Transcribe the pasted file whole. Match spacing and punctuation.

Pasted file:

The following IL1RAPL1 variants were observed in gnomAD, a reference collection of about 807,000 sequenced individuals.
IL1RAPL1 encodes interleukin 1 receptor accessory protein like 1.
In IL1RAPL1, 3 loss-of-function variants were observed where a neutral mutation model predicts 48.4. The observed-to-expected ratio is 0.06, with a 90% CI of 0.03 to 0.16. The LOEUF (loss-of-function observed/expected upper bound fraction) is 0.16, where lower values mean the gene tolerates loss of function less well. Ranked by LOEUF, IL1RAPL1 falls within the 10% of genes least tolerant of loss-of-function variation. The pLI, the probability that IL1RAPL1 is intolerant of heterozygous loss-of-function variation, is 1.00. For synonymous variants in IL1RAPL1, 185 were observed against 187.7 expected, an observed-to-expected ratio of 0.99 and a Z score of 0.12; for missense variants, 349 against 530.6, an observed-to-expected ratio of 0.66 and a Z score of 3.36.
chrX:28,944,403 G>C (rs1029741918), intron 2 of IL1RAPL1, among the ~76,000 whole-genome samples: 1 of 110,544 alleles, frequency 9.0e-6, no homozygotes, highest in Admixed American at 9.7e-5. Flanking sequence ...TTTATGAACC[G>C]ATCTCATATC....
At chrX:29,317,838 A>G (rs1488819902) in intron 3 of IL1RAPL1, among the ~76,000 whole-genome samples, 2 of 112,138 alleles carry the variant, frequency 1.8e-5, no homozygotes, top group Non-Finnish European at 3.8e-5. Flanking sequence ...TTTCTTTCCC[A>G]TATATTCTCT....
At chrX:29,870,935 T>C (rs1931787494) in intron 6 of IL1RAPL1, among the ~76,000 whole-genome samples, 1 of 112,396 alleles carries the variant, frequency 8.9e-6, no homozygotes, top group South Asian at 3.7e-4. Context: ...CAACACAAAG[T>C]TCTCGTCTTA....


The following IL1RAPL1 variants were observed in gnomAD, a reference collection of about 807,000 sequenced individuals.
IL1RAPL1 encodes interleukin 1 receptor accessory protein like 1.
In IL1RAPL1, 3 loss-of-function variants were observed where a neutral mutation model predicts 48.4. The observed-to-expected ratio is 0.06, with a 90% CI of 0.03 to 0.16. The LOEUF (loss-of-function observed/expected upper bound fraction) is 0.16, where lower values mean the gene tolerates loss of function less well. Ranked by LOEUF, IL1RAPL1 falls within the 10% of genes least tolerant of loss-of-function variation. The pLI, the probability that IL1RAPL1 is intolerant of heterozygous loss-of-function variation, is 1.00. For synonymous variants in IL1RAPL1, 185 were observed against 187.7 expected, an observed-to-expected ratio of 0.99 and a Z score of 0.12; for missense variants, 349 against 530.6, an observed-to-expected ratio of 0.66 and a Z score of 3.36.
chrX:28,944,403 G>C (rs1029741918), intron 2 of IL1RAPL1, among the ~76,000 whole-genome samples: 1 of 110,544 alleles, frequency 9.0e-6, no homozygotes, highest in Admixed American at 9.7e-5. Flanking sequence ...TTTATGAACC[G>C]ATCTCATATC....
At chrX:29,317,838 A>G (rs1488819902) in intron 3 of IL1RAPL1, among the ~76,000 whole-genome samples, 2 of 112,138 alleles carry the variant, frequency 1.8e-5, no homozygotes, top group Non-Finnish European at 3.8e-5. Flanking sequence ...TTTCTTTCCC[A>G]TATATTCTCT....
At chrX:29,870,935 T>C (rs1931787494) in intron 6 of IL1RAPL1, among the ~76,000 whole-genome samples, 1 of 112,396 alleles carries the variant, frequency 8.9e-6, no homozygotes, top group South Asian at 3.7e-4. Context: ...CAACACAAAG[T>C]TCTCGTCTTA....